How Patients Can Help Each Other Using a Messenger App
A balanced lifestyle is of particular importance to enable patients with type 2 diabetes mellitus to live without discomfort or pain. Headed by the St. Pölten UAS, the research project DiabPeerS examines how patients can support each other online by using instant messaging.
Common and Chronic
Diabetes mellitus is one of the four major non-communicable diseases in the world. In 2019, 463 million adults worldwide suffered from diabetes mellitus, and their number is expected to increase by 51% by the year 2045. The most common form, diabetes mellitus type 2, is strongly associated with the patients’ personal lifestyle.
Due to the chronic nature of the disease, diabetes patients require continuous therapy, regular medical appointments and good adherence. If left untreated, diabetes can have severe long-term effects such as cardiovascular and kidney diseases, decreased life quality, worse mental health, and reduced life expectancy.
Leading a Better Life with Self-Management
The success of a diabetes therapy strongly depends on the patients themselves. Patients have to change their lifestyle, for example by following an adequate diet, taking their medicines correctly, measuring their blood sugar levels, and going to the doctor for regular checkups. Diabetes self-management trainings teach the patients knowledge and skills in handling diabetes mellitus, and thus play a decisive role in diabetes therapy.
However, studies have shown that patients struggle to maintain the positive results of such diabetes self-management trainings in their daily lives. First results suggest that peer support – assistance by persons who also suffer from the disease and thus have experienced a certain behaviour and the difficulty of the situation by themselves – can provide help. As it seems, support by other affected persons improves self-management skills and self-efficiency, and therefore leads to improvements in blood sugar control and the patients’ long-term health.
Implementation and Care in Everyday Life
“Vising the doctor for a medical checkup and getting some medicine prescriptions is not enough for type 2 diabetes patients. Quite the opposite“, explains Gerhard Hutter, Chairperson of the regional office of the Austrian Health Insurance Fund (Österreichische Gesundheitskasse) in Lower Austria. “This illness requires the patients‘ commitment and discipline. As a health insurance fund, we ensure structured medical treatment through health services and scientifically proven programmes such as ‘Therapie Aktiv‘. In addition, assisting in everyday life can be an essential prerequisite for success in increasing patients‘ life quality. This is why we gladly support the St. Pölten UAS‘ project DiabPeerS.“
Implementing peer support as an accompanying measure within the framework of a standard therapy can lead to better results at lower costs. Despite promising results, research on peer support in treating diabetes is still in its infancy and the impact of various factors remains unclear.
Support through Instant Messaging Services
This is what the project the “DiabPeerS” is about. Over the next three years, it examines how patients with Diabetes mellitus type 2 can support each other through instant messaging services. The programmes work like WhatsApp, Telegram, Signal and other products. The project assigns an important role to specially trained people who have long-term experience with Diabetes. They lead online groups and initiate discussions on diabetes mellitus type 2 by actively bringing up topics. A dietitian provides them with guidance to ensure the best possible results.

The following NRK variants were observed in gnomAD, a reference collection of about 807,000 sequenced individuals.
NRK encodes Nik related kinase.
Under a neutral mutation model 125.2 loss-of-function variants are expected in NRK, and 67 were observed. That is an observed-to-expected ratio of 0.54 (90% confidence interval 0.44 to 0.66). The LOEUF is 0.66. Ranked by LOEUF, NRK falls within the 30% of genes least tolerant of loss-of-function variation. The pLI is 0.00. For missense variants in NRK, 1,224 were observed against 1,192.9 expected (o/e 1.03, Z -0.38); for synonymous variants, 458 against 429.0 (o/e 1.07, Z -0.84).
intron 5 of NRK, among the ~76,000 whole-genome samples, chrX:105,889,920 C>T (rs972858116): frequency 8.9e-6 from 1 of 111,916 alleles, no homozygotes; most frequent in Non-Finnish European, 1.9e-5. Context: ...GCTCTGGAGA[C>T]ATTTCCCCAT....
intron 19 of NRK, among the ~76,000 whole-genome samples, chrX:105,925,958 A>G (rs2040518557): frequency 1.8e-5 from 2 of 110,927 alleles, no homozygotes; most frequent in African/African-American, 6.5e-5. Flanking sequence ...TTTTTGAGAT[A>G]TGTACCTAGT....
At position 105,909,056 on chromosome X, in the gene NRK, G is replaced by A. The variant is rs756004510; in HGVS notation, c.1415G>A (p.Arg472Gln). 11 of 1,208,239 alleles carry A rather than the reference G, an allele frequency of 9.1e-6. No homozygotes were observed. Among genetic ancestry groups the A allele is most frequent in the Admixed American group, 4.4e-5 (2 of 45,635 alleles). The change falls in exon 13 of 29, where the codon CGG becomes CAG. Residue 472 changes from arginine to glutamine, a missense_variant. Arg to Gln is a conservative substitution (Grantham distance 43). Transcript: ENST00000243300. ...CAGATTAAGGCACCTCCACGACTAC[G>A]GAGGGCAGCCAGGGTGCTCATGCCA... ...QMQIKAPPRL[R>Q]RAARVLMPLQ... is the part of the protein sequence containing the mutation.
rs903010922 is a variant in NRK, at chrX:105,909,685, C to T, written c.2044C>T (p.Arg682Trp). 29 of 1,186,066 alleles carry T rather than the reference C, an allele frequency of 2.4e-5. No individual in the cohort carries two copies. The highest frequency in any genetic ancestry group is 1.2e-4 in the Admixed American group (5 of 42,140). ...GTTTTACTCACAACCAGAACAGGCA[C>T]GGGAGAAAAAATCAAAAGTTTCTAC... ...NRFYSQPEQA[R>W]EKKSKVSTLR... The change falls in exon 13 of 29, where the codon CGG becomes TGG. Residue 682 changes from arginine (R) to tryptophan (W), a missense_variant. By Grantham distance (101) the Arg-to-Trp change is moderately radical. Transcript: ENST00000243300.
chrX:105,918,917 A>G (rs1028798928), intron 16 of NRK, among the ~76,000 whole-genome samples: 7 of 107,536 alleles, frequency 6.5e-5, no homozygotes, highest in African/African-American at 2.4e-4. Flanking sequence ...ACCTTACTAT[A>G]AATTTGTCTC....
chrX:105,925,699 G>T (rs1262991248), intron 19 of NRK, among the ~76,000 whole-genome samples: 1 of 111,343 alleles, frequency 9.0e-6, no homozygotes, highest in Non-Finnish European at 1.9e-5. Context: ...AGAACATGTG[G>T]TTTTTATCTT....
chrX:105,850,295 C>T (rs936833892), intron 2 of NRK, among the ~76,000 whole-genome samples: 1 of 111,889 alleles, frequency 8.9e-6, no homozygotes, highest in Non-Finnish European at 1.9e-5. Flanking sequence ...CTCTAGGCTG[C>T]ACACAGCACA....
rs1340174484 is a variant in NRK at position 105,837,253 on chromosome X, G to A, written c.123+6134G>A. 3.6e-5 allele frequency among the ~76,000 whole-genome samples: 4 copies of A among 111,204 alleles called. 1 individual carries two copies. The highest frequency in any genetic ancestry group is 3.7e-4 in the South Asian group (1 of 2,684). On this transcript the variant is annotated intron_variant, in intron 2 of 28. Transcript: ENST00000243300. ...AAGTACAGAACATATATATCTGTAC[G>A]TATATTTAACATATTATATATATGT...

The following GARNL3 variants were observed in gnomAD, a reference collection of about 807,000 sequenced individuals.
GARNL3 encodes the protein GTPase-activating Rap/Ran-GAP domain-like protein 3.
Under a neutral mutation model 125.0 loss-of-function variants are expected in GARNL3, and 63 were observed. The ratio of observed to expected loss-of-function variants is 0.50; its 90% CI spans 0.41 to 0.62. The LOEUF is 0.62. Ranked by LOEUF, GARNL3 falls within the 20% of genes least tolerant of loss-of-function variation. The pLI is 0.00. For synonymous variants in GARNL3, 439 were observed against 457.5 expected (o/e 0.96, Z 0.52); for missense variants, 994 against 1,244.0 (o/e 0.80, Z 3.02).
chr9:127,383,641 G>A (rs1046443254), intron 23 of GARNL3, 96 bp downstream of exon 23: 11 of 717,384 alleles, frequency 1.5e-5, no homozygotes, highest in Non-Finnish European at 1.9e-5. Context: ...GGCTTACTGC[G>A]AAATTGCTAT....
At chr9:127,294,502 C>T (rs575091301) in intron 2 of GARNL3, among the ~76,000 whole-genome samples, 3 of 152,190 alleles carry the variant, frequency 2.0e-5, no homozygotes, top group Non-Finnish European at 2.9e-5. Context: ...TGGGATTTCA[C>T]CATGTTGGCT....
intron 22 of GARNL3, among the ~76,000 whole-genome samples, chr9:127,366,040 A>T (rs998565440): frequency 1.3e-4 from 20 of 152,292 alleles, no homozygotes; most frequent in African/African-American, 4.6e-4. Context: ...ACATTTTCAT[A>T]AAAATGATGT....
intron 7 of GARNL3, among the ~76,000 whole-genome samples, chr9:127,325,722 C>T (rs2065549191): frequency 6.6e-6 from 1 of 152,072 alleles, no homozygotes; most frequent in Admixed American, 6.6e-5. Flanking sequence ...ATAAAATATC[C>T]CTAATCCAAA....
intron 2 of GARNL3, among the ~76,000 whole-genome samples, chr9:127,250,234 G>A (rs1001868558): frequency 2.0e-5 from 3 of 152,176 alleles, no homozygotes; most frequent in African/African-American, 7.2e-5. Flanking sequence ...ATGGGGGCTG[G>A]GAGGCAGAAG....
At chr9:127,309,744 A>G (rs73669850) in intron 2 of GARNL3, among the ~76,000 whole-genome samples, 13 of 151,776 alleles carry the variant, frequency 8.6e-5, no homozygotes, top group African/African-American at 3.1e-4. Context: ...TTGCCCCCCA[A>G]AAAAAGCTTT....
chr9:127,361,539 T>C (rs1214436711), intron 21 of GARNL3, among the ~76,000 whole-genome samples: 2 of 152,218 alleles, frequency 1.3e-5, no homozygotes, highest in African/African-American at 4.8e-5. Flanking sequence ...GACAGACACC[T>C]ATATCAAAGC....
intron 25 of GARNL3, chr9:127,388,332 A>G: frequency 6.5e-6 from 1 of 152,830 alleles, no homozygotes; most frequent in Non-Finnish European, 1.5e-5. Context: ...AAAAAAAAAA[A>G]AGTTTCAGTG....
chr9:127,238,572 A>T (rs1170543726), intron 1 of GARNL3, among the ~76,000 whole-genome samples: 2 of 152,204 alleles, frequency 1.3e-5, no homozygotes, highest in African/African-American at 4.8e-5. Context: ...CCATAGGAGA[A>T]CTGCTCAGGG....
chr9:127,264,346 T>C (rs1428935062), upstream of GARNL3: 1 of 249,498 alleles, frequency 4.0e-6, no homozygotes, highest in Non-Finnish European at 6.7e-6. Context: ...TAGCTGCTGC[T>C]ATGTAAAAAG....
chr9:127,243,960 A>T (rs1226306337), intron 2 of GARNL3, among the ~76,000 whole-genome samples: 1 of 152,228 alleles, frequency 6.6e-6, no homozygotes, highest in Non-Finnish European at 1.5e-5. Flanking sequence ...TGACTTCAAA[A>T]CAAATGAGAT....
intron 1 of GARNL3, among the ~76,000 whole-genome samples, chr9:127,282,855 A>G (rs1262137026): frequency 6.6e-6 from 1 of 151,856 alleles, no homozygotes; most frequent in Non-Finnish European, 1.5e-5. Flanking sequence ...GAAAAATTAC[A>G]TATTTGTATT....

“Peer support via instant messaging services (IMS) has a considerable potential for diabetes management. Support can be realised fast, easily, inexpensively and with little effort for the affected persons. Furthermore, almost half of the 40- to 69-year-olds – in other words, the age group most often affected by type 2 diabetes – already use instant messaging programmes”, says Elisabeth Höld, nutritional scientist and project head at the St. Pölten UAS. The project will use the Austrian software grape.
Collaboration between Health Experts
According to Stefan Stieger, Head of the Division of Psychological Methodology at the Department of Psychology and Psychodynamics at the Karl Landsteiner Privatuniversität für Gesundheitswissenschaften, and Martin Wiesholzer, head of the Clinical Division for Internal Medicine 1 at the University Hospital St. Pölten, multifactorial diseases such as diabetes mellitus type 2 require interdisciplinary cooperation: collaborations between dietetics, nutritional sciences, medicine, psychology, communication studies, media management, technology and sociology help to better develop support possibilities for patients. The interdisciplinary project team of DiabPeerS meets this objective.
For the project, over 200 diabetes mellitus type 2 patients aged over 40 will be monitored over a period of seven months – one group with online peer support and a second control group without it.
The project “DiabPeerS - Improving glycaemic control in patients with type 2 diabetes mellitus through peer support Instant Messaging: a randomized controlled trial” is funded within the framework of the Life Science Call by the NÖ Forschungs- und Bildungsges.m.b.H. (NFB). The project is carried out by the St. Pölten UAS’ Institutes of Health Sciences and Creative\Media/Technologies in partnership with the Österreichische Gesundheitskasse, the Division of Psychological Methodology at the Department of Psychology and Psychodynamics at the Karl Landsteiner Privatuniversität für Gesundheitswissenschaften, and the Clinical Division for Internal Medicine 1 at the University Hospital St. Pölten